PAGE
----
This is where we return to my questions about our legacy. God’s love and righteousness are for future generations. God promised Israel that he would show steadfast love to thousands of generations. We are called to tell our children and grandchildren about this covenant keeping God. That’s why Grace Church has a family ministry called Generation 2 Generation. We want to help parents make disciples of their children. That they would know and love the God of the Bible. That our grandkids and future generations would delight in Fearing the LORD and keeping his covenant. Make it a part of your weekly routine to join us on Sunday nights.
With all of these blessings we receive through the New Covenant, how can we be sure this God is able to keep his promises? Look at verse 19.
His love is everlasting because he himself is everlasting. He rules everything in this universe. God is sovereign so if he makes a covenant promising everlasting love for generations, nothing else can stop him from accomplishing what he says. He rules and reigns and nothing happens outside of his control. That goes for any other earthly king or ruler. One commentator says, “God’s government will never fail in any part of the world, in any event or life, or in any tumult of the nations. Our world is filled with tumult. Whatever happens in November in this country, this is still God’s domain. No candidate, judge, mayor, governor or senator gains office without God allowing it. Not even Satan’s can have dominion over God. God is not surprised and his kingdom is a permanent one.
Verse 19 serves as kind of a bridge between his power to enact and keep a covenant, and the call for all of his creation to respond in worship.
Remember back to verse 1, we saw the Psalmist commanding himself to bless the LORD. It was an individual call to worship. Sometimes we can get stuck here and forget that as covenant people, we worship this God in community. This is not an individual journey with Jesus.
Now after studying the benefits and character of God, and recognizing his covenant faithfulness, we are called to bless the LORD along with all creation. The call to worship has expanded.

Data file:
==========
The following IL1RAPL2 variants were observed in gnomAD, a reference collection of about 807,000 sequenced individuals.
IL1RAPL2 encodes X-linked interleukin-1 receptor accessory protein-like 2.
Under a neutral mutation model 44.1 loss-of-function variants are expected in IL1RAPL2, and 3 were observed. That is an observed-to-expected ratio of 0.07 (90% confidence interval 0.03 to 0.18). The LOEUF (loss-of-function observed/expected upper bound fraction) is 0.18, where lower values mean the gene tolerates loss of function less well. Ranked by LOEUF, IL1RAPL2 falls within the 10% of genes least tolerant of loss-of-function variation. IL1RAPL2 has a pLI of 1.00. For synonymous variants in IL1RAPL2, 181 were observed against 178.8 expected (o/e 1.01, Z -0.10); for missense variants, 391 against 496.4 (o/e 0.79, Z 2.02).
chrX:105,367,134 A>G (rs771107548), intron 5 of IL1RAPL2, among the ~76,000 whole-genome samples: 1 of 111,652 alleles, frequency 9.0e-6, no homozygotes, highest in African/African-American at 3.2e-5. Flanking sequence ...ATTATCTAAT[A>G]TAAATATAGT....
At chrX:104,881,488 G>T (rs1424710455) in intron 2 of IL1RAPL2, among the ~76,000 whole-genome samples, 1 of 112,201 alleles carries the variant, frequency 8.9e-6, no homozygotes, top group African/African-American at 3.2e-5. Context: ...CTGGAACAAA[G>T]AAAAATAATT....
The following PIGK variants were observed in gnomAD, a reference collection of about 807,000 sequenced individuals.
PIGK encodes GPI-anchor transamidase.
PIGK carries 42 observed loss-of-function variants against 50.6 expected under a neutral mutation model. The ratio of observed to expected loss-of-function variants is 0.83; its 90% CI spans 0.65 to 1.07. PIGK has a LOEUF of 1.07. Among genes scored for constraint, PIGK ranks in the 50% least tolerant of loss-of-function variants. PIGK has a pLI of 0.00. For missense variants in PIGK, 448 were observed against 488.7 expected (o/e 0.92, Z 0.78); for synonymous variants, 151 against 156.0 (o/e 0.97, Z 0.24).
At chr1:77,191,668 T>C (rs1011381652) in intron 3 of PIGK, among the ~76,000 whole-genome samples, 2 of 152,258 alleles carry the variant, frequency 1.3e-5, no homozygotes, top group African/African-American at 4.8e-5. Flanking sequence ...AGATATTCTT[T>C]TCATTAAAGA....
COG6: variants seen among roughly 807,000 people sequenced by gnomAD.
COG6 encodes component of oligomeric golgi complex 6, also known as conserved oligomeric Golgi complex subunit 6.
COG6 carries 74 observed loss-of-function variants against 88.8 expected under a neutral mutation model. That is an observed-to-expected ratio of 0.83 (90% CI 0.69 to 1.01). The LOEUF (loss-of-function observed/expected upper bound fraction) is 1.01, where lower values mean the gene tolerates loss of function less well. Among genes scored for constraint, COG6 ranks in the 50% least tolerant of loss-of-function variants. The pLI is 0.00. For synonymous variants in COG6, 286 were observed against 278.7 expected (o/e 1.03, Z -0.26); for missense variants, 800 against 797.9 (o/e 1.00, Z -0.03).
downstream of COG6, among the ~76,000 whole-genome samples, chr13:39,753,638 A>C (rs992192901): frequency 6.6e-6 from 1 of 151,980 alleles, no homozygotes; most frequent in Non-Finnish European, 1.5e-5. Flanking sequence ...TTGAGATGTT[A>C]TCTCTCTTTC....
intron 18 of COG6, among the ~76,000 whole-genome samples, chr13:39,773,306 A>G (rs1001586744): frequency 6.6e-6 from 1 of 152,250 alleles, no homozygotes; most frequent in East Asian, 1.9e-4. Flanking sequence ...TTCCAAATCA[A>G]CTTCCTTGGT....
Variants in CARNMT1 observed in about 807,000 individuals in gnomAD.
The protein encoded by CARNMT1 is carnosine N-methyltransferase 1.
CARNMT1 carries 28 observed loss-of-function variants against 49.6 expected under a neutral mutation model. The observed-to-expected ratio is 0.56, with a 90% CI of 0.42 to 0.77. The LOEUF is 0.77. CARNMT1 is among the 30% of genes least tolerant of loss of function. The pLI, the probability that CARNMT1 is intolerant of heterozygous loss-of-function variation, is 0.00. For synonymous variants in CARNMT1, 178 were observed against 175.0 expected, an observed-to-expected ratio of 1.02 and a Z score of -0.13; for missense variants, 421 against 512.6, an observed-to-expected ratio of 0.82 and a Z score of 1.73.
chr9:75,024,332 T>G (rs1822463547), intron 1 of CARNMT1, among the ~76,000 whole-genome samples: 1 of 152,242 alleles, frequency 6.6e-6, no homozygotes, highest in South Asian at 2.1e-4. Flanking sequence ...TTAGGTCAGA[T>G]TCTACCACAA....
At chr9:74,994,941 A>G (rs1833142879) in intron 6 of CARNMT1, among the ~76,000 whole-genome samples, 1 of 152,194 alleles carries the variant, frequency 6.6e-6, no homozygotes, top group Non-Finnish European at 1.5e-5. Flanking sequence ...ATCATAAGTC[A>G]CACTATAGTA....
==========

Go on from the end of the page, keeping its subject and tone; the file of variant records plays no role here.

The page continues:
God’s kingdom exists wherever his reign is acknowledged. It is an expanding kingdom and ultimately all will acknowledge God as king. Jesus is now seated at the right hand of the throne of God. After our fleeting lives have ended, will stand before Jesus. Either in awe-filled worship or in judgment.
When Jesus prays in Matthew 6, your kingdom come, your will be done, on earth as it is in heaven, Jesus desires for all of creation to recognize God as King. For this world to match the heavenly world.
This includes the angels and other heavenly beings. 1 peter 1:12 says that angels longed to look at the gospel. Angels are not recipients of the gospel, because it’s only humans created in God’s image. But the angels never cease worshipping their creator.
Further, creation sings.
Ps 19 says The heavens declare his glory. The sun, moon and stars bless their creator.
Even the rocks cry out.
Have you ever realized that angels are singing with us? The heavenly realms are delighting in seeing the gospel? Think about that when we sing together. All who love God and do his word, whether in heaven or on earth, take joy in acknowledging and blessing the covenant LORD.
It’s possible for a person or group of people to move people to worship. They can fill stadiums and evoke deep emotion. People cheer, shout and sing for the greatness of a star athlete like Lionel Messi or Usain Bolt or a rock group like U2. A politician could lead a movement where people sacrifice to follow this leader. But have you ever seen any celebrity that can make angels rejoice and worship? Can Bono cause the sun, moon and stars to acknowledge his glory?
The LORD who has decreed how all things will go, who created galaxies with a word, who sustains all things and sent his son to redeem a people, is the only one worthy of this kind of glory.
I want to close with Philippians 2 with a well known passage that ties the themes of Psalm 103 together.
Jesus Christ, who, though he was in the form of God, did not count equality with God a thing to be grasped, but emptied himself, by taking the form of a servant, being born in the likeness of men. And being found in human form, he humbled himself by becoming obedient to the point of death, even death on a cross. Therefore God has highly exalted him and bestowed on him the name that is above every name, so that at the name of Jesus every knee should bow, in heaven and on earth and under the earth, and every tongue confess that Jesus Christ is Lord, to the glory of God the Father.
Jesus is everlasting and almighty God, but became weak to rescue a weak people. And now he is the triumphant King who everyone will ultimately recognize as Lord, either in salvation or wrath. And we who have been saved through his steadfast love will sing with angels from everlasting to everlasting. Bless the Lord O my soul!